FBI, IRS agents lock down Pilot Flying J headquarters
KNOXVILLE, TENN. FBI and Internal Revenue Service agents on Monday locked down the headquarters of Pilot Flying J, the truck stop business owned by the family of Tennessee Gov. Bill Haslam and his brother, Cleveland Browns owner Jimmy Haslam.
FBI spokesman Marshall Stone told The Associated Press that the move was part of an ongoing investigation, but he would not provide additional details. FBI and IRS agents were expected to remain in the building into the evening, he said.
The FBI was keeping all traffic away from the company property, and Knoxville police patrol cars and officers could be seen outside the headquarters.
“Any details that would be released to the public would not be available for some time,” Stone said.
The company doesn’t know why FBI officials closed the headquarters but is cooperating with authorities, spokeswoman Lauren Christ said in a statement. Pilot Flying J retail operations remain open, she said.
Jimmy Haslam stepped down as company CEO after buying the Browns from previous owner Randy Lerner in a $1 billion deal in August. He was previously a minority owner of the rival Pittsburgh Steelers but sold that.
Pilot then brought in John Compton, who had been with PepsiCo Inc. for 30 years and its president for less than a year, to replace Haslam as CEO.
In February, Pilot announced Jimmy Haslam was returning as Pilot CEO and Compton would become a consultant.
NFL spokesman Greg Aiello said the league was aware of the investigation but had no other information or comment.
Bill Haslam has no position with the company but still has an unspecified holding in it, according to his limited financial disclosures.
David Smith, a spokesman for the governor, said he was “aware of the situation in Knoxville today” but declined to comment further. He referred any questions for more information to Pilot.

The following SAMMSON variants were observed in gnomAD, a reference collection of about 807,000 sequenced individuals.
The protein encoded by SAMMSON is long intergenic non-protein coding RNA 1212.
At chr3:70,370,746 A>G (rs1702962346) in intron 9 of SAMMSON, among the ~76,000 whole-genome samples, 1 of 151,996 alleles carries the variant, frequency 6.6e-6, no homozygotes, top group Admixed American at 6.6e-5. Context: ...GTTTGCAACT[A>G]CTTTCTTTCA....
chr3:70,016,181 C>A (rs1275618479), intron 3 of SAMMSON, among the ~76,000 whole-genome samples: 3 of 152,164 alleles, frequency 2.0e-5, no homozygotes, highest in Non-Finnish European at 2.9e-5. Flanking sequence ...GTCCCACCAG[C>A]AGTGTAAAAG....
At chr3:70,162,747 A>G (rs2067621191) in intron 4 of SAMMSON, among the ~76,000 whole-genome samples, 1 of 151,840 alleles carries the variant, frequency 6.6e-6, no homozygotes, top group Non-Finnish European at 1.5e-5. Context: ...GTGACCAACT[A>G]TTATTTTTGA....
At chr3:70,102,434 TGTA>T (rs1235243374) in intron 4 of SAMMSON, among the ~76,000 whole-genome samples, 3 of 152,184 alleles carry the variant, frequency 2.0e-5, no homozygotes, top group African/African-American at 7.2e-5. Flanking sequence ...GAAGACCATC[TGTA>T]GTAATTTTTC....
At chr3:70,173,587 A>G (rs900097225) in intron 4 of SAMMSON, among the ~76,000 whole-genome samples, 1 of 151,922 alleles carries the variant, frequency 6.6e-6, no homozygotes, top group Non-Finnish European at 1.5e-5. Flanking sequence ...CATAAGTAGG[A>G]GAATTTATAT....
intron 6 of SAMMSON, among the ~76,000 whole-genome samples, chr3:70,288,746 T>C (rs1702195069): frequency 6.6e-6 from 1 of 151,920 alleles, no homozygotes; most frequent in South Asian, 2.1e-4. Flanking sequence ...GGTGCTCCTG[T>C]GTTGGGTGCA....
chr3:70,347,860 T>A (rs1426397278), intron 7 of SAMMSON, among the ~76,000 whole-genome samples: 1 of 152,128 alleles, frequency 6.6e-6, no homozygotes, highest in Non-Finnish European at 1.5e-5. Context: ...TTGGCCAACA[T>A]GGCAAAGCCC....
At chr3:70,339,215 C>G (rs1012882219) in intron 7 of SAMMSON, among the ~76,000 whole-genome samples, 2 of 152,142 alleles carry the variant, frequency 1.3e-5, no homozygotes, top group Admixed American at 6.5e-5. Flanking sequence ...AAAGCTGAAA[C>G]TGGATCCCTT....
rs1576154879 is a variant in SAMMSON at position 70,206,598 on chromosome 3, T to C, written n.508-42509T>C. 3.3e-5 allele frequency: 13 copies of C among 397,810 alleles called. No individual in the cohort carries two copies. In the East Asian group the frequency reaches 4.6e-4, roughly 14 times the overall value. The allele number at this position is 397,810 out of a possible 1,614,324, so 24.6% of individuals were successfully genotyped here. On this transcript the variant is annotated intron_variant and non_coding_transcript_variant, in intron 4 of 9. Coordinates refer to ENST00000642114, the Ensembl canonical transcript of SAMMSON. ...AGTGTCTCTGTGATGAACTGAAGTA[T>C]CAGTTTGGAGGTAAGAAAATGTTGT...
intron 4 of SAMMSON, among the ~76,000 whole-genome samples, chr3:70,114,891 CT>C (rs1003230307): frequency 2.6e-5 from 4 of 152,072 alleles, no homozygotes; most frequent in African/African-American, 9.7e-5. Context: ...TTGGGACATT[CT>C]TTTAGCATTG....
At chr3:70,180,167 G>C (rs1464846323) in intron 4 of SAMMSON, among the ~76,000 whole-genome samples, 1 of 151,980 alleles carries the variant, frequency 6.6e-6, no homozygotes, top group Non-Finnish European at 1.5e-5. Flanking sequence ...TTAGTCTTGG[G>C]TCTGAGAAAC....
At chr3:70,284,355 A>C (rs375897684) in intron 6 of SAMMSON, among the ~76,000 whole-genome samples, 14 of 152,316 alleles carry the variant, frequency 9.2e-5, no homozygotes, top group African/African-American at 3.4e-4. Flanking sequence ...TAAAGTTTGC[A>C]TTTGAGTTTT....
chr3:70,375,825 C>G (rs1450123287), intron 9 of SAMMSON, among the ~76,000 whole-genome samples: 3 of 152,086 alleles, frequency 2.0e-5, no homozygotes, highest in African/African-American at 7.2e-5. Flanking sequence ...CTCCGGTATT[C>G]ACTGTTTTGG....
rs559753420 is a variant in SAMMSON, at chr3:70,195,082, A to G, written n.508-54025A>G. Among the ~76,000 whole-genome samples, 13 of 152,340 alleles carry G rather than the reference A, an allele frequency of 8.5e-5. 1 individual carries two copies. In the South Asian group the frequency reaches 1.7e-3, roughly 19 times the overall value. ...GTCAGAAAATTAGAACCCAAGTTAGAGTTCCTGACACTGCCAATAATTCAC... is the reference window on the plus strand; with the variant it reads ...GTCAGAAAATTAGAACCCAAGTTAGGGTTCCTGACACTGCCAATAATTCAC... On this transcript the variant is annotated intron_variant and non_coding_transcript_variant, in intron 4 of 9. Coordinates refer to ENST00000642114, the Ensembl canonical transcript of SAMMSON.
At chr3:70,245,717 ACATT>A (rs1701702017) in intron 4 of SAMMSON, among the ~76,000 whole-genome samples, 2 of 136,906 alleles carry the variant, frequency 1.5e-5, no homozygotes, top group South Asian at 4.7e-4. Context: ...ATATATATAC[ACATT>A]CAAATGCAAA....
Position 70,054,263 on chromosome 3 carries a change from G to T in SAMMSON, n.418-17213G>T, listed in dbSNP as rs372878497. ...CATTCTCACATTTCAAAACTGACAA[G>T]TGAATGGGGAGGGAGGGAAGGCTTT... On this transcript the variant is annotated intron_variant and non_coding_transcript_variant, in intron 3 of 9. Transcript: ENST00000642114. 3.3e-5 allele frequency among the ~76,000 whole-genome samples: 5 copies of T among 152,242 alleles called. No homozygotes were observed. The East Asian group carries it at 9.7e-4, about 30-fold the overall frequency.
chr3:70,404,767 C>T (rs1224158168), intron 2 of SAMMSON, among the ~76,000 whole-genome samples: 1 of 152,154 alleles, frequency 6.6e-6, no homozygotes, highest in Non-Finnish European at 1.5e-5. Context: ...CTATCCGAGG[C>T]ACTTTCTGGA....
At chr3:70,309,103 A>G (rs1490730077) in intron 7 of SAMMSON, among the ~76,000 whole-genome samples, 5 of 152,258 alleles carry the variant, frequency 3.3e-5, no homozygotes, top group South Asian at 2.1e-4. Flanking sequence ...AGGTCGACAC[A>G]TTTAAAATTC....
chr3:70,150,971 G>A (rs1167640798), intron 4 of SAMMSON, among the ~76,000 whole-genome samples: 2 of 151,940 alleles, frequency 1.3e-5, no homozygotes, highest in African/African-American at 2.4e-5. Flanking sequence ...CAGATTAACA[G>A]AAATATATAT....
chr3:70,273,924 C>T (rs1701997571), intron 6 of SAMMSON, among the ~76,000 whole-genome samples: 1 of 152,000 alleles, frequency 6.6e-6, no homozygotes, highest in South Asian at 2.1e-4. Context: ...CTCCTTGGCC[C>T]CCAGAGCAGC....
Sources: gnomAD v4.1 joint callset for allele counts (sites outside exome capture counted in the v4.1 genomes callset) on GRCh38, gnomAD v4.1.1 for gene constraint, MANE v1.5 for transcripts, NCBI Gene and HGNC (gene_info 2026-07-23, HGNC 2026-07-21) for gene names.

During the 2010 governor’s race, Bill Haslam refused to divulge how much money he earned from Pilot, the family-founded chain with annual revenues of $20 billion.
He argued that releasing his Pilot earnings would reveal personal information about the income of family members not running for office, and proprietary information about the privately held company.
Since being elected governor, Haslam has also kept his Pilot holdings outside of a blind trust he has created for other investments.
Pilot was founded in 1958 by the Haslam brothers’ father, Jim Haslam. The company bought Flying J for $1.8 billion, closing the deal in 2010, and says it now has more than 600 interstate travel centers and 25,000 employees.
In 2009, Pilot settled a price gouging lawsuit brought by the Tennessee attorney general and paid fines in Georgia and Kentucky.
Haslam said during the 2010 campaign that the pricing problems were quickly addressed and new software was created to avoid a repeat of what occurred in the aftermath of Hurricane Ike in 2008.
“I promise you that for a company that’s based on 52 years of community service and low prices we would never do anything intentionally to put that risk,” Haslam said in a October 2010 debate.